Justia Class Action Opinion Summaries

Articles Posted in Public Benefits
by
Plaintiffs, thirteenth North Carolina residents who lost access to in-home personal care services (PCS) due to a statutory change, brought suit challenging the new PCS program. The district court granted plaintiffs' motions for a preliminary injunction and class certification. Defendants appealed, raising several points of error. The court agreed with the district court's conclusion that a preliminary injunction was appropriate in this case. The court held, however, that the district court's order failed to comply with Federal Rule of Civil Procedure 65 because it lacked specificity and because the district court neglected to address the issue of security. Accordingly, the court remanded the case. View "Pashby v. Delia" on Justia Law

by
Five Medicaid recipients filed a class action against the District, alleging that the District systematically denied Medicaid coverage of prescription medications without providing the written notice required by federal and D.C. law. The district court dismissed the case on the pleadings, concluding that plaintiffs lacked standing to pursue their claims for injunctive and declaratory relief. At least with regard to one plaintiff, John Doe, the allegations sufficiently established injury, causation, and redressability and the court concluded that Doe had standing to pursue his claims for injunctive and declaratory relief. Therefore, the court had no need to decide whether the other plaintiffs had standing and reversed the judgment, remanding for further proceedings. View "NB, et al. v. DC, et al." on Justia Law

by
Plaintiffs, three plaintiff-classes and Sheila Perdue individually, brought a class action complaint seeking declaratory and injunction relief alleging violations of their federal statutory and constitutional rights. Plaintiffs challenged the Indiana Family and Social Services Administration's (FSSA) automated system of processing claims for Medicaid, Food Stamps, and Temporary Assistance to Needy Families benefits. The trial court held (1) the FSSA's denial notices satisfied due process; (2) the FSSA could not deny an application for Food Stamp benefits when the applicant failed to cooperate in the eligibility determination process; and (3) determined that the FSSA had failed to accommodate Perdue's disabilities in violation of the Americans with Disabilities Act and the Rehabilitation Act. The Supreme Court reversed in part and affirmed in part, holding (1) the FSSA's denial notices were insufficiently explanatory in violation of due process; (2) the FSSA may deny an application for Food Stamp benefit when the applicant fails to cooperate in the eligibility determination process; and (3) Perdue was entitled to reasonable accommodations in applying for benefits, but that did not necessarily require providing a caseworker or case management services. View "Perdue v. Gargano" on Justia Law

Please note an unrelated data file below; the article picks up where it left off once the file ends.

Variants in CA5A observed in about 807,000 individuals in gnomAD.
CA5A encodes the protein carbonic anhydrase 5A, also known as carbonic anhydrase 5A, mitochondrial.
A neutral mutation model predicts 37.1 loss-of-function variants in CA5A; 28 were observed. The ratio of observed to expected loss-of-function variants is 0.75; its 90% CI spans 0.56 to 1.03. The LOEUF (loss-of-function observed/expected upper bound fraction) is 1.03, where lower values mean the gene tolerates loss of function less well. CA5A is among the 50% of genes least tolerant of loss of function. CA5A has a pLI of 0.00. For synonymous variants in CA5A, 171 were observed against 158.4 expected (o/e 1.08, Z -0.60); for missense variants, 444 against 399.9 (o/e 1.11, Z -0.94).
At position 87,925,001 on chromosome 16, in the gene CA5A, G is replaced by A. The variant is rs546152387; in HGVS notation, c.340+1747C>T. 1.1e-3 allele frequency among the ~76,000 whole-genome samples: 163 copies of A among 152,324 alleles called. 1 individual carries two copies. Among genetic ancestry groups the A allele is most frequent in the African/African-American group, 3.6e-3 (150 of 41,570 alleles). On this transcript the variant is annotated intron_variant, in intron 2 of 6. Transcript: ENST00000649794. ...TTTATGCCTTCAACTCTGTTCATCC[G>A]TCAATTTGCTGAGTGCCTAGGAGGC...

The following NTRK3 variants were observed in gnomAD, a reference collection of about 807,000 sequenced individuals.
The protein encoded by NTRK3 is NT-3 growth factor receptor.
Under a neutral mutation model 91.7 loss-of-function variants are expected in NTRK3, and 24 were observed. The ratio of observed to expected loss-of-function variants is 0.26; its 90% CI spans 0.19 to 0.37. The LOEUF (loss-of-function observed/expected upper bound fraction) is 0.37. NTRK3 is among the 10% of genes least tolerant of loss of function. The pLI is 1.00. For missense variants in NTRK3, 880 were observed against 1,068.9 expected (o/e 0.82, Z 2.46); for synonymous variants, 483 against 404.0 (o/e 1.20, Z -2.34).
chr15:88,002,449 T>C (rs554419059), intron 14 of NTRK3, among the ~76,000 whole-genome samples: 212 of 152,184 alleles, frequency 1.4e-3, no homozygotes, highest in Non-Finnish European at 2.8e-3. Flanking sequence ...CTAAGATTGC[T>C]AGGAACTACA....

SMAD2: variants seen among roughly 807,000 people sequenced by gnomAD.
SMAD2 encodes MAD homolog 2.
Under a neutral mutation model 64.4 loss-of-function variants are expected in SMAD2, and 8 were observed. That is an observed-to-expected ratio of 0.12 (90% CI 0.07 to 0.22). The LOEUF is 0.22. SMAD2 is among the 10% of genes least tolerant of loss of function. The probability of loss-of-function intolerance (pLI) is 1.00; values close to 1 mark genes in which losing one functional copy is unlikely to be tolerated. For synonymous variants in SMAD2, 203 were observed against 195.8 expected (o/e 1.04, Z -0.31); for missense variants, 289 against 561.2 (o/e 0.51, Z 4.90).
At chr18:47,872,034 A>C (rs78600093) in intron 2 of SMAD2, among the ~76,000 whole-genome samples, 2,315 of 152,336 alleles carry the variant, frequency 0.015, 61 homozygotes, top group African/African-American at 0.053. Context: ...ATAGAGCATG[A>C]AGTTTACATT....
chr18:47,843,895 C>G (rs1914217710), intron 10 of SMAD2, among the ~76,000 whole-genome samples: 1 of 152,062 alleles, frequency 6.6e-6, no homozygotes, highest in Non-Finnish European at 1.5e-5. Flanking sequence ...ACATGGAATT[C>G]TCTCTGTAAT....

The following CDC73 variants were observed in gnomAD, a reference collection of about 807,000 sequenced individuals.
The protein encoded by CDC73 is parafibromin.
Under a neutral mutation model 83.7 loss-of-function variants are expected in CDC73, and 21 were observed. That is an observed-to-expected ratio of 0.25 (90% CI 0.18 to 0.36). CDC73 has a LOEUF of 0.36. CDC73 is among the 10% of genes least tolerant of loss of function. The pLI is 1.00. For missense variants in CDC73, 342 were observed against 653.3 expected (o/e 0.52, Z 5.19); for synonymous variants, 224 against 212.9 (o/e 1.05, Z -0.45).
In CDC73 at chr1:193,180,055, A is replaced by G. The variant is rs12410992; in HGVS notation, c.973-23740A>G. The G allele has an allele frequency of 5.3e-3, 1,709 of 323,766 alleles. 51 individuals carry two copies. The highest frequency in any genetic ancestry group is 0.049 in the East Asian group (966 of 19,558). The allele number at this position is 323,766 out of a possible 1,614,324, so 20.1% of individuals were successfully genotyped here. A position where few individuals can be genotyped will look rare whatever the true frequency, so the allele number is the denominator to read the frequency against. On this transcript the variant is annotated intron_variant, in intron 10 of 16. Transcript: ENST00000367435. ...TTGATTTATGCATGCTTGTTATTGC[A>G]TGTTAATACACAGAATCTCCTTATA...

by
This case arose when plaintiffs filed a class action complaint under 42 U.S.C. 1983, alleging that the District was violating the Medicaid Act, 42 U.S.C. 1396 et seq. Since 1993, a consent decree has governed how the District provides "early and periodic screening, diagnostic, and treatment services" under the Act. The District has now asked the district court to vacate that decree on two grounds: that an intervening Supreme Court decision has made clear that plaintiffs lack a private right of action to enforce the Medicaid Act, and that in any event, the District has come into compliance with the requirements of the Act. Because the court concluded that the district court's rejection of one of the District's two arguments did not constitute an order "refusing to dissolve [an] injunction[]" within the meaning 28 U.S.C. 1292(a)(1), the court dismissed the appeal for lack of jurisdiction. View "Salazar, et al. v. DC, et al." on Justia Law

by